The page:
Frequently Asked Questions


  1. If I compile NEST with MPI support, I get errors about ``SEEK_SET``, ``SEEK_CUR`` and ``SEEK_END`` being defined This is a known issue in some MPI implementations. A solution is to add –with-debug=”-DMPICH_IGNORE_CXX_SEEK” to the configure command line. More details about this problem can be found here

  2. Configure warns that seems to ignore the –datarootdir setting and the installation fails because of permission errors This problem is due to a change in autoconf 2.60, where the prefix directory for the NEST documentation can end up being empty during the installation. This leads to wrong installation paths for some components of NEST. If you have the GNU autotools installed, you can run ./ in the source directory followed by ./configure. If you don’t have the autotools, appending --datadir=PREFIX/share/nest with the same PREFIX as in the --prefix option should help.

  3. I get ‘Error: /ArgumentType in validate’ when compiling an extension This is a known bug that has been fixed. Ask your local NEST dealer for a new pre-release. You need at least nest-1.9-7320.

  4. I get ‘collect2: ld returned 1 exit status, ld: -rpath can only be used when targeting Mac OS X 10.5 or later Please try to set the environment variable MACOSX_DEPLOYMENT_TARGET to 10.5 (export MACOSX_DEPLOYMENT_TARGET=10.5)

  5. Ipython crashes with a strange error message as soon as I import ``nest`` If ipython crashes on import nest complaining about a Non-aligned pointer being freed, you probably compiled NEST with a different version of g++ than Python. Take a look at the information ipython prints when it starts up. That should tell you which compiler was used. Then re-build NEST with the same compiler version.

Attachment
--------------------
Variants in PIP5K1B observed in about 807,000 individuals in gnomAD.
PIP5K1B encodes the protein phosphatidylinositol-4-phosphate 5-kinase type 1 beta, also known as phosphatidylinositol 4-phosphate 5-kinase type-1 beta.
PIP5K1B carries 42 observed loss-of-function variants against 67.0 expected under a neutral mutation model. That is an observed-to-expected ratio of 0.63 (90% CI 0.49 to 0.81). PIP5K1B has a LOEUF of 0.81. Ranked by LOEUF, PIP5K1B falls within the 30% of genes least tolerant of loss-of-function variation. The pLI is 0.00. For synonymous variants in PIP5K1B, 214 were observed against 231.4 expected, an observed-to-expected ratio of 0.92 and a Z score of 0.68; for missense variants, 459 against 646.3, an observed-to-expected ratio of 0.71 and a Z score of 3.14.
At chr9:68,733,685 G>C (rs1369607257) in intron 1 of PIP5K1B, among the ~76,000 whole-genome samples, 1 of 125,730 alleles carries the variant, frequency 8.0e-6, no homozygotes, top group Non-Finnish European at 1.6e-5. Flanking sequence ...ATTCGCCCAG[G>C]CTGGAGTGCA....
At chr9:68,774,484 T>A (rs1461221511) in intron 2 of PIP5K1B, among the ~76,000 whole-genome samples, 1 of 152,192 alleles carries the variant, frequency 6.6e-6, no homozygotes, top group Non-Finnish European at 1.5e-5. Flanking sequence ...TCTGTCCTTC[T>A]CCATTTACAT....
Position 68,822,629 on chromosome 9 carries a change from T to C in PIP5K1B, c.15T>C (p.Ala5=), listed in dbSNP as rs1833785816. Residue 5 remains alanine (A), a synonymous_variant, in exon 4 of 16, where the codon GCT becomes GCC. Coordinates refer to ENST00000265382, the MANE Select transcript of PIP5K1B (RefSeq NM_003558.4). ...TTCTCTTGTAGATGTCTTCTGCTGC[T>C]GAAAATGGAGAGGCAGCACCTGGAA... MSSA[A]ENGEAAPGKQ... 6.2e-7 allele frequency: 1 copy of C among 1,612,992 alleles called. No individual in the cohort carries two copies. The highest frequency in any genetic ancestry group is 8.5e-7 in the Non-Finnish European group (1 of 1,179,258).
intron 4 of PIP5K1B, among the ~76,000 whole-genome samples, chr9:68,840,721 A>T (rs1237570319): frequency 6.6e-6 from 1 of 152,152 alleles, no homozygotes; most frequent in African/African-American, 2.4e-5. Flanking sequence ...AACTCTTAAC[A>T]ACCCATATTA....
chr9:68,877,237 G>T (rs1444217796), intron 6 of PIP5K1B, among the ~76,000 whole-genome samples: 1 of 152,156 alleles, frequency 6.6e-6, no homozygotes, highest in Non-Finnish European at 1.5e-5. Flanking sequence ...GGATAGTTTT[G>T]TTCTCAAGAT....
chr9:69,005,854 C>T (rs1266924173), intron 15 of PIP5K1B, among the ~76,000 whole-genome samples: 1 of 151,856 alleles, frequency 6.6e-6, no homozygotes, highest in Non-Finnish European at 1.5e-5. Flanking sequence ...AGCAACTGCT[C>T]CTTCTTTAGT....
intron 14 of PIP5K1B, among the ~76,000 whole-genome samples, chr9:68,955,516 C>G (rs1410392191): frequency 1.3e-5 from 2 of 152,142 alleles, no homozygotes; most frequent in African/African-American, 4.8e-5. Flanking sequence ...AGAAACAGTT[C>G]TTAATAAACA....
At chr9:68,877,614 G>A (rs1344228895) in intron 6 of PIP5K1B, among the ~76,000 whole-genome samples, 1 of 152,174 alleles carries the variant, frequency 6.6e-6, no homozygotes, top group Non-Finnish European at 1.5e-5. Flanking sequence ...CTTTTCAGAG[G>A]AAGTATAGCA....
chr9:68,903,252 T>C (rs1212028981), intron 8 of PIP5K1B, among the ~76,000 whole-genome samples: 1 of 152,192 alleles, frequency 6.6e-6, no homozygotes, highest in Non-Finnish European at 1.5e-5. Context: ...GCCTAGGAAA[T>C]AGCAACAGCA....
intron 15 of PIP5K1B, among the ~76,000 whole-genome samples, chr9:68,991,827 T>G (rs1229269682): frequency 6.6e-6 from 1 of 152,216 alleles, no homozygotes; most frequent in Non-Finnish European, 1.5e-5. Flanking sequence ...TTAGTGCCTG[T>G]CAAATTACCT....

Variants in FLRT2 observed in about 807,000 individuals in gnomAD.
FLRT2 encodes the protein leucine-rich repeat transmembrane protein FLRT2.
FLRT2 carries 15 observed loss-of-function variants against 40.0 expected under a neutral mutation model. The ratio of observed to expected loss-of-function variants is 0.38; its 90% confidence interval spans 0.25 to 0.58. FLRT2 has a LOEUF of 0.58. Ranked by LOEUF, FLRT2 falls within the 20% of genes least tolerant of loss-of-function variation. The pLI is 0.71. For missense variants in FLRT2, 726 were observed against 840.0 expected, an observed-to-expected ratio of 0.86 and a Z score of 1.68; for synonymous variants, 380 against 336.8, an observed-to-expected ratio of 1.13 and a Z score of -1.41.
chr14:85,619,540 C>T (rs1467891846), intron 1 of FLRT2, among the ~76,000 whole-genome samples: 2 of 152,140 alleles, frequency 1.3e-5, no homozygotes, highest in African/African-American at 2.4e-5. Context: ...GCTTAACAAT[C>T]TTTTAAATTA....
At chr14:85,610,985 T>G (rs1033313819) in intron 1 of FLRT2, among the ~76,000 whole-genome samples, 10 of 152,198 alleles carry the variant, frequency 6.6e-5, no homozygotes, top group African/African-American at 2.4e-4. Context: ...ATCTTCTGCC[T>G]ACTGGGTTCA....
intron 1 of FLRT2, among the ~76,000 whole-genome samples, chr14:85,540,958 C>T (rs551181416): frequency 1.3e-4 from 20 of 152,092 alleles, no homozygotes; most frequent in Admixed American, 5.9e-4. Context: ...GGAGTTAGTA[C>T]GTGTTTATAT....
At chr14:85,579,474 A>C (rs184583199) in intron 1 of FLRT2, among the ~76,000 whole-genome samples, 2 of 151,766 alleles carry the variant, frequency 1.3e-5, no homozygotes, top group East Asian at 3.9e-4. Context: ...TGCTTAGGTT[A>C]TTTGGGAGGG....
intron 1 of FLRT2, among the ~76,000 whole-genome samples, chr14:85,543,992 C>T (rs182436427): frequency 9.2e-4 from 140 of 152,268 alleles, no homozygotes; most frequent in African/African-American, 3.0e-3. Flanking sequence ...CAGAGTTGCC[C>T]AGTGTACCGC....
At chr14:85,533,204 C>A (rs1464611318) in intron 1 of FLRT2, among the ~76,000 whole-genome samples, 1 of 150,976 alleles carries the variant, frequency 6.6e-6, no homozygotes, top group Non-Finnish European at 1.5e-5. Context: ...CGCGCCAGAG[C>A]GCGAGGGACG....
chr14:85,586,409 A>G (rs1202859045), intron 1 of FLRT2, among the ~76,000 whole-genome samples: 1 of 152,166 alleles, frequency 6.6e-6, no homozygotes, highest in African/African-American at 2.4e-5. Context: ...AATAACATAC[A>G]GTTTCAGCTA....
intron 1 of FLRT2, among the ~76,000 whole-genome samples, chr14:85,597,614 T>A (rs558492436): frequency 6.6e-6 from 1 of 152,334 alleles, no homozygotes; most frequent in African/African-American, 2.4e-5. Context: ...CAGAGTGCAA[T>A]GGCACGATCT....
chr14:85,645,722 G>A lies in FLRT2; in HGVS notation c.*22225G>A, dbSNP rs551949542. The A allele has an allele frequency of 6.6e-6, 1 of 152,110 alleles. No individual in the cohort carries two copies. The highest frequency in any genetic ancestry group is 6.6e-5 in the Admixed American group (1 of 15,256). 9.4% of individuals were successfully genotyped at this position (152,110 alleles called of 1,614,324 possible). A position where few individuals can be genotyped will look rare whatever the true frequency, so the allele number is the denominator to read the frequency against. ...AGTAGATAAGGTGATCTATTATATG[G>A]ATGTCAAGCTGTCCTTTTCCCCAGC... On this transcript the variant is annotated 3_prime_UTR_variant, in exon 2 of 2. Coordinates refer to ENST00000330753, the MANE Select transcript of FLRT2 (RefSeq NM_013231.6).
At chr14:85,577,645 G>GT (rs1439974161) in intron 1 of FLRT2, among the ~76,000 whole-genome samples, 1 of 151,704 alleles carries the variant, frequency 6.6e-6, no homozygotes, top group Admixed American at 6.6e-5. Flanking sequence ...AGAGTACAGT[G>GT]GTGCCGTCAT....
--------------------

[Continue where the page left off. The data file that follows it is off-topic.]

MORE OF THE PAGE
6. I get a segmentation fault wher I use SciPy in the same script together with PyNEST. We recently observed that if PyNEST is used with some versions of SciPy, a segmentation fault is caused. A workaround for the problem is to import SciPy before PyNEST. See for the official bug report in NumPy.

Where does data get stored

By default, the data files produced by NEST are stored in the directory from where NEST is called. The location can be changed by running nest.data_path = "/path/to/data". In scripts, this property can be set via the environment variable NEST_DATA_PATH. Please note that the directory /path/to/data has to exist and will not be created. A common prefix for all data file names can be

set by running nest.data_prefix = "prefix" or by setting the

environment variable NEST_DATA_PREFIX.

Neuron models

  1. I cannot see any of the conductance based models. Where are they? Some neuron model need the GNU Scientific Library (GSL) to work. The conductance based models are among those. If your NEST installation does not have these models, you probably have no GSL or GSL development packages installed. To solve this problem, install the GSL and its development headers. Then reconfigure and recompile NEST.


  1. How can I create connections to multicompartment neurons? You need to create a synapse type with the proper receptor_type as in this example, which connects all 100 neurons in n to the first neuron in n:

    syns = nest.GetDefaults('iaf_cond_alpha_mc')['receptor_types']
    nest.CopyModel('static_synapse', 'exc_dist_syn', {'receptor_type': syns['distal_exc']})
    n = nest.Create('iaf_cond_alpha_mc', 100)
    nest.Connect(n, n[:1], sync_spec={'model'='exc_dist_syn'})